What about teachers?

Published 12:00 am Wednesday, July 2, 2003

My child's teacher was setting up the schedule for summer classes and called to make a few changes. She needed to shift the school days around in July because she is taking a biology class.

Not meaning to be nosy, I asked why a teacher who specializes in working with autistic children was taking a class in biology. She told me if she didn't have the course she would not be considered a highly qualified teacher under the new "No Child Left Behind" legislation.

And if she isn't highly qualified, because of the aforementioned biology class, a letter might go home informing parents that she isn't "highly qualified."

"That is the stupidest thing I ever heard," I said. "Why don't they just spend the money that course will cost in the classroom?"

The teacher smiled and shook her head. I think she, like most educators, is used to crazy requirements mandated in the name of improving education.

After having that conversation, I got the following e-mail. I think it speaks to the challenges faced by teachers so I'll share it.

After being interviewed by the school administration, the eager teaching prospect said: "Let me see if I've got this right. You want me to go into that room with those kids and fill their every waking moment with a love for learning. And I'm supposed to instill a sense of pride in their ethnicity, modify their disruptive behavior, observe them for signs of abuse and censor their T-shirt messages and dress habits.

You want me to wage a war on drugs and sexually transmitted diseases, check their backpacks for weapons and raise their self esteem. You want me to teach them patriotism, good citizenship, sportsmanship, fair play, how to register to vote, how to balance a checkbook and how to apply for a job. I am to check their heads for lice, maintain a safe environment, recognize signs of antisocial behavior, offer advice, write letters of recommendation for employment and scholarships, encourage respect for cultural diversity, and oh, make sure that I give the girls in my class 50 percent of my attention.

My contract requires me to work on my own time after school, evenings and weekends grading papers and spend my summer vacation at my own expense working toward advance certification and a master's degree. And, on my own time attend committee and faculty meetings, PTA meetings, and participate in staff development training. I am to be a paragon of virtue so my very presence awes my students into being obedient and respectful of authority.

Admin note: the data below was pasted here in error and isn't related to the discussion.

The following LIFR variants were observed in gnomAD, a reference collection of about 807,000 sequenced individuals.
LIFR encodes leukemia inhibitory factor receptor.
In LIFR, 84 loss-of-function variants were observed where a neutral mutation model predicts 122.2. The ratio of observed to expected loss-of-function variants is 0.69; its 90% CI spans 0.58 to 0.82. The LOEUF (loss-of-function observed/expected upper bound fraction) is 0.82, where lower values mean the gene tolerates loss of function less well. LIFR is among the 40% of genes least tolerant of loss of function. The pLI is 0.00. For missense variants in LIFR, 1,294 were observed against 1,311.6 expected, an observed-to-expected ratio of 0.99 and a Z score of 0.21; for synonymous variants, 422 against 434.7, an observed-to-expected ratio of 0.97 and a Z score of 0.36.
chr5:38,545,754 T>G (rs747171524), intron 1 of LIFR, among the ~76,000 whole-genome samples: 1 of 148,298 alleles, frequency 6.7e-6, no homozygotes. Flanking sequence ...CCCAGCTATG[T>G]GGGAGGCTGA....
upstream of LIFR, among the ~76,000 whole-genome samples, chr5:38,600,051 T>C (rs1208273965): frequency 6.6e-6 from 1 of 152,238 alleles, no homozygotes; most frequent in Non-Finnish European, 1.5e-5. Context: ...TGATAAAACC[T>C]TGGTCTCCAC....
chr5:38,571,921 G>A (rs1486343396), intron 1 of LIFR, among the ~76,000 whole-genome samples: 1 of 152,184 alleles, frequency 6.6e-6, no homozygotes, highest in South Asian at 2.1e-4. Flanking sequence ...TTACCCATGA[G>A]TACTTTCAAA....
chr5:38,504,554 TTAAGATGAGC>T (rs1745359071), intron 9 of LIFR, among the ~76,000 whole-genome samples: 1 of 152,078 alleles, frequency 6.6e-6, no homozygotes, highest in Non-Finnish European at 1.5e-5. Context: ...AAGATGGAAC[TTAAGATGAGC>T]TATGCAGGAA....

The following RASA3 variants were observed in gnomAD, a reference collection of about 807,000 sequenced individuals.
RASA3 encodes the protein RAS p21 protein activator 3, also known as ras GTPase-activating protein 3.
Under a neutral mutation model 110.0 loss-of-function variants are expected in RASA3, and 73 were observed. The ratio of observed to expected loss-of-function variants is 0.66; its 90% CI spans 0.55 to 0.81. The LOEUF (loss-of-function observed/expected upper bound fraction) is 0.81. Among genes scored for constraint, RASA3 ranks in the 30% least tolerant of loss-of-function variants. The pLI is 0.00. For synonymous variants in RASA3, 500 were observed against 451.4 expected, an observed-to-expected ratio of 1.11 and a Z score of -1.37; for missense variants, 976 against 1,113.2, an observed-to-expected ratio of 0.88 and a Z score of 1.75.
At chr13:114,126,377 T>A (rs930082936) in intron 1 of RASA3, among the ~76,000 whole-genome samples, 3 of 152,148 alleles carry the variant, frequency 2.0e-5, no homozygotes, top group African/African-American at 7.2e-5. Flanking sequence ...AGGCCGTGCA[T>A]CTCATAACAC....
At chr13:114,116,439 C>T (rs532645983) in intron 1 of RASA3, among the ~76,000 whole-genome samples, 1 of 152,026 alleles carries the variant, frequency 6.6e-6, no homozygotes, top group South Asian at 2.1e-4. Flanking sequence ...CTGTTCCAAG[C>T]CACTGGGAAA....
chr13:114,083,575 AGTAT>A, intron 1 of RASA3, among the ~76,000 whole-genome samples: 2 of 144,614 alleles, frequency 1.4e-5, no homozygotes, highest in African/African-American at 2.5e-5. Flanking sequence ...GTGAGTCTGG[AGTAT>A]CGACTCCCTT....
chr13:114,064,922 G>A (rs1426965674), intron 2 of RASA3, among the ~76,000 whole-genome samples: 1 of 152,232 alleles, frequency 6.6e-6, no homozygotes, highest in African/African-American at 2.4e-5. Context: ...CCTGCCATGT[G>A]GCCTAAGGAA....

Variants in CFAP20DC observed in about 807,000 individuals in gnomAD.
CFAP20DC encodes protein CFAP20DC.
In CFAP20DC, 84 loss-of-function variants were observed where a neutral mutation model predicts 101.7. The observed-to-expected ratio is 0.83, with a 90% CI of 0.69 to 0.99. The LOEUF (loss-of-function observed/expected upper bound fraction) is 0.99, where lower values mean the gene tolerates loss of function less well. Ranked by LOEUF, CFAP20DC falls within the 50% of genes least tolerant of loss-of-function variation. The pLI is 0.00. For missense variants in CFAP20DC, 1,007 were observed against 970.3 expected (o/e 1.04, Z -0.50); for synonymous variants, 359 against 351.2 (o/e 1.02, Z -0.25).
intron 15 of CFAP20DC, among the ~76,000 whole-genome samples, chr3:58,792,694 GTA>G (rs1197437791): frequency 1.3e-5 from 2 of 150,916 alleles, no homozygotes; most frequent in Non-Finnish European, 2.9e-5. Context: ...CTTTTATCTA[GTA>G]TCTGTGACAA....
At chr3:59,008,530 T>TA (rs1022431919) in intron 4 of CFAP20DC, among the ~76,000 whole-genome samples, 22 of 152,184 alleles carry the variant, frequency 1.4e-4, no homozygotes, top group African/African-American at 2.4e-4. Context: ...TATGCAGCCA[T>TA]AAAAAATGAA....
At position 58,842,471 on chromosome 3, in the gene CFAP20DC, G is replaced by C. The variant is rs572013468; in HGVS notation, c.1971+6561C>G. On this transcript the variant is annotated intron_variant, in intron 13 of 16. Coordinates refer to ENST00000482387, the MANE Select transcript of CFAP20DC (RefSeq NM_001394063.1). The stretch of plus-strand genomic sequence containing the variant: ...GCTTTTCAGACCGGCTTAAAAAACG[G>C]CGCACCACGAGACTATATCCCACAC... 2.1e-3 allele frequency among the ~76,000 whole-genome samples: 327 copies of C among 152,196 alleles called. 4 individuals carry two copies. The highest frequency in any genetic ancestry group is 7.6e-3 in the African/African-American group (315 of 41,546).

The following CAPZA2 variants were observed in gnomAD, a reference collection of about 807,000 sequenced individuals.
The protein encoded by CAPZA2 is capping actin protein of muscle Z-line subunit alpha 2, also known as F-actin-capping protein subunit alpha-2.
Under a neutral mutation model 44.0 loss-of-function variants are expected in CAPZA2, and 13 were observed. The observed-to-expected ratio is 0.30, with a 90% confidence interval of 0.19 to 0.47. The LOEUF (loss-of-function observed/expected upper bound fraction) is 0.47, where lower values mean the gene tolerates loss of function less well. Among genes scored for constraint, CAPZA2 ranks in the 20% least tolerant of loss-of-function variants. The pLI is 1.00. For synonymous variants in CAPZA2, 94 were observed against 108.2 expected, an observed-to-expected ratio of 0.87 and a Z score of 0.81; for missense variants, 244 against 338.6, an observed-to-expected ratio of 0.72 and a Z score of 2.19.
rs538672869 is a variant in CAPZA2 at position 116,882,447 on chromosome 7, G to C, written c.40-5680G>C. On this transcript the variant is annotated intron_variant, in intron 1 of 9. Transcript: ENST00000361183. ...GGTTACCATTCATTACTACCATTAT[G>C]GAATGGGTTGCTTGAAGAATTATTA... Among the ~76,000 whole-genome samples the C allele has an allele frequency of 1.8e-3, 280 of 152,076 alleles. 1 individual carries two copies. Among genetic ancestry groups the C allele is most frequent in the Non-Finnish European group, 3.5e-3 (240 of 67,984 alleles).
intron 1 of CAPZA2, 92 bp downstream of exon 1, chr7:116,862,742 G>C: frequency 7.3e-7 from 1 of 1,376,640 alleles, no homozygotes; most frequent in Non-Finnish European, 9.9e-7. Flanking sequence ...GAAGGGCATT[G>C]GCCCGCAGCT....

You want me to incorporate technology into the learning experience, monitor web sites, and relate personally with students. That includes deciding who might be potentially dangerous and/or liable to commit a crime in school. I am to make sure all students pass the mandatory state exams, even those who don't come to school regularly or complete any of their assignments.

Plus, I am to make sure the students with handicaps get an equal education regardless of the extent of their mental or physical handicap. And, I am to communicate regularly with the parents by letter, telephone, newsletter and report card.

All of this I am to do with a piece of chalk, a computer, a few books, a bulletin board, a big smile AND on a starting salary that qualifies my family for food stamps. You want me to do all of this and you expect me……..NOT TO PRAY?"

I laughed after reading this, but it is probably not funny to teachers. If we want no child left behind, maybe we should focus our efforts on being getting everyone, parents, grandparents etc. more "highly involved" in our schools.

It seems to me that would be better than labeling good teachers as not highly qualified simply because they don't meet mandated requirements that have little to do with the challenges they face each day in their classrooms.